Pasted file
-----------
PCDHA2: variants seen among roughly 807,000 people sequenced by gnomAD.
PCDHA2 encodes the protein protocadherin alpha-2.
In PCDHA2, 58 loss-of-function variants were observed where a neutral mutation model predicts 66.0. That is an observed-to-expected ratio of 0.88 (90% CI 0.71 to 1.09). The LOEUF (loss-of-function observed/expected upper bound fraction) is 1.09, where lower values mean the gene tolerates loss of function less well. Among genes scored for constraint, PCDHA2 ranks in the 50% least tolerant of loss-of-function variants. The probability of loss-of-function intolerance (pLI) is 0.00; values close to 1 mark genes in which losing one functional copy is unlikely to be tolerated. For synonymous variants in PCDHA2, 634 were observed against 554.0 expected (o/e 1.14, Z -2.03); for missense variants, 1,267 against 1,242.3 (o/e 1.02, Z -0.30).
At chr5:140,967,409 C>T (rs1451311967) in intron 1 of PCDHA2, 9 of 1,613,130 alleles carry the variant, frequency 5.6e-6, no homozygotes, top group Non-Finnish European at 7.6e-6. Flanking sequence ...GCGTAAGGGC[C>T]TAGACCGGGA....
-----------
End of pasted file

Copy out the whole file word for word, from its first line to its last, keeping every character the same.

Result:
PCDHA2: variants seen among roughly 807,000 people sequenced by gnomAD.
PCDHA2 encodes the protein protocadherin alpha-2.
In PCDHA2, 58 loss-of-function variants were observed where a neutral mutation model predicts 66.0. That is an observed-to-expected ratio of 0.88 (90% CI 0.71 to 1.09). The LOEUF (loss-of-function observed/expected upper bound fraction) is 1.09, where lower values mean the gene tolerates loss of function less well. Among genes scored for constraint, PCDHA2 ranks in the 50% least tolerant of loss-of-function variants. The probability of loss-of-function intolerance (pLI) is 0.00; values close to 1 mark genes in which losing one functional copy is unlikely to be tolerated. For synonymous variants in PCDHA2, 634 were observed against 554.0 expected (o/e 1.14, Z -2.03); for missense variants, 1,267 against 1,242.3 (o/e 1.02, Z -0.30).
At chr5:140,967,409 C>T (rs1451311967) in intron 1 of PCDHA2, 9 of 1,613,130 alleles carry the variant, frequency 5.6e-6, no homozygotes, top group Non-Finnish European at 7.6e-6. Flanking sequence ...GCGTAAGGGC[C>T]TAGACCGGGA....